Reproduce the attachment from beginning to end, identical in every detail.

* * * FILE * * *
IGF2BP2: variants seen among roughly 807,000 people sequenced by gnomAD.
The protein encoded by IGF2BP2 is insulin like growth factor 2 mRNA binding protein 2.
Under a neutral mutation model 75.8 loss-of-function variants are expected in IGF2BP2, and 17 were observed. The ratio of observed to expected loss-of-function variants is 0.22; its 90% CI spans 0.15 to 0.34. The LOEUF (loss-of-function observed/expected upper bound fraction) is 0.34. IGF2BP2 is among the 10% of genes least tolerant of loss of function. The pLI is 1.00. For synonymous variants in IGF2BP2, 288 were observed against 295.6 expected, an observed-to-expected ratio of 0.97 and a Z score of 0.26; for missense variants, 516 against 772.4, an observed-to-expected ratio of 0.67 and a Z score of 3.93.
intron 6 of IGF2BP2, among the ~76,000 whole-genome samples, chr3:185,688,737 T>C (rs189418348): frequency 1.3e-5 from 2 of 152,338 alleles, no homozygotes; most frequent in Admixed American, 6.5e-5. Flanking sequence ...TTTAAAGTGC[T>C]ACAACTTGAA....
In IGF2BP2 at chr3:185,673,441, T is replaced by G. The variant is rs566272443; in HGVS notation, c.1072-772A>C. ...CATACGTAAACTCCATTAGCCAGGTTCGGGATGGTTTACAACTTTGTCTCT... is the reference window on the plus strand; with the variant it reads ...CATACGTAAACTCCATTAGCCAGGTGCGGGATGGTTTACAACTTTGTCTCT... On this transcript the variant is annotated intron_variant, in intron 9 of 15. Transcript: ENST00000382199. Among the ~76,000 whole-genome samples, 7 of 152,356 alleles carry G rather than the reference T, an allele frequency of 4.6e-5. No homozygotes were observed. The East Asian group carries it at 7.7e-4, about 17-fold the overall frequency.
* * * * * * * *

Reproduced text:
IGF2BP2: variants seen among roughly 807,000 people sequenced by gnomAD.
The protein encoded by IGF2BP2 is insulin like growth factor 2 mRNA binding protein 2.
Under a neutral mutation model 75.8 loss-of-function variants are expected in IGF2BP2, and 17 were observed. The ratio of observed to expected loss-of-function variants is 0.22; its 90% CI spans 0.15 to 0.34. The LOEUF (loss-of-function observed/expected upper bound fraction) is 0.34. IGF2BP2 is among the 10% of genes least tolerant of loss of function. The pLI is 1.00. For synonymous variants in IGF2BP2, 288 were observed against 295.6 expected, an observed-to-expected ratio of 0.97 and a Z score of 0.26; for missense variants, 516 against 772.4, an observed-to-expected ratio of 0.67 and a Z score of 3.93.
intron 6 of IGF2BP2, among the ~76,000 whole-genome samples, chr3:185,688,737 T>C (rs189418348): frequency 1.3e-5 from 2 of 152,338 alleles, no homozygotes; most frequent in Admixed American, 6.5e-5. Flanking sequence ...TTTAAAGTGC[T>C]ACAACTTGAA....
In IGF2BP2 at chr3:185,673,441, T is replaced by G. The variant is rs566272443; in HGVS notation, c.1072-772A>C. ...CATACGTAAACTCCATTAGCCAGGTTCGGGATGGTTTACAACTTTGTCTCT... is the reference window on the plus strand; with the variant it reads ...CATACGTAAACTCCATTAGCCAGGTGCGGGATGGTTTACAACTTTGTCTCT... On this transcript the variant is annotated intron_variant, in intron 9 of 15. Transcript: ENST00000382199. Among the ~76,000 whole-genome samples, 7 of 152,356 alleles carry G rather than the reference T, an allele frequency of 4.6e-5. No homozygotes were observed. The East Asian group carries it at 7.7e-4, about 17-fold the overall frequency.